Friends of the Zeiss

P.O. Box 1041                                                                   

Pittsburgh, Pennsylvania 15230-1041 U.S.A.

Telephone: 412-561-7876

Electronic Mail: < >

Internet Web Site: < >


                                                             NEWS RELEASE


For immediate release: 2005 December 29

For more information -- Glenn A. Walsh:

               Daytime: E-Mail < >

               Evening: Telephone 412-561-7876




Pittsburgh, Dec. 29 – The year 2006 will arrive one second later than normal because of the slowing of the rotation rate of the Earth, due to tidal forces caused by the gravitational attraction of the Moon. A “leap second” will be added to the civilian time scale immediately before the beginning of the New Year at the Prime Meridian (which runs through the Old Greenwich Royal Observatory in England)—this will occur immediately before 7:00 p.m. Eastern Standard Time on Saturday.


From time-to-time, an additional second is added to the very accurate atomic clocks, which control civilian time, to keep the world’s clocks synchronized with the actual rotation of the Earth. This year’s “leap second” will be the 23rd leap second inserted into the world’s time scale since an international agreement was signed starting such time corrections in 1972. The last “leap second” was added in 1998.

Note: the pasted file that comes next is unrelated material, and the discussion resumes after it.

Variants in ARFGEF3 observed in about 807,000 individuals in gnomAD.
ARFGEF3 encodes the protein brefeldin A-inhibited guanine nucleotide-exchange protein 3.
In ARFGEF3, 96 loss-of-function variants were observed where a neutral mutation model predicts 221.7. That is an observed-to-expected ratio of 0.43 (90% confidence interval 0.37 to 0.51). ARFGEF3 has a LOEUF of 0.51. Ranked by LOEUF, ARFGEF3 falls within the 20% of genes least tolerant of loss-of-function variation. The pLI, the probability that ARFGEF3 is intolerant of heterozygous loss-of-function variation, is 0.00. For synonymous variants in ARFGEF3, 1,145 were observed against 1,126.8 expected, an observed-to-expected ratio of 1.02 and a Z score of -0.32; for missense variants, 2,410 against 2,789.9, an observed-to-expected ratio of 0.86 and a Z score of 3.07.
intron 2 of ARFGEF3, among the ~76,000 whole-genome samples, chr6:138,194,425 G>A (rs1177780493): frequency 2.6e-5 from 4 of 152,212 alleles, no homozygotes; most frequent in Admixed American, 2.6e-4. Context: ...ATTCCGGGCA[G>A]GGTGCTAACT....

So, while each minute normally has 60 seconds, the last minute before the New Year at Greenwich, England (last minute before 7:00 p.m. EST Saturday) will actually have a 61st second.


For more information on this time change:


News Release from the U.S. Navel Observatory:

< >


Bulletin of the International Earth Rotation and Reference Systems Service:

< >


Explanations of Leap Seconds –


U.S. Naval Observatory:

< >


“Tides, the Earth, the Moon, and why our days are getting longer” by Phil Plait:

< >


--30 –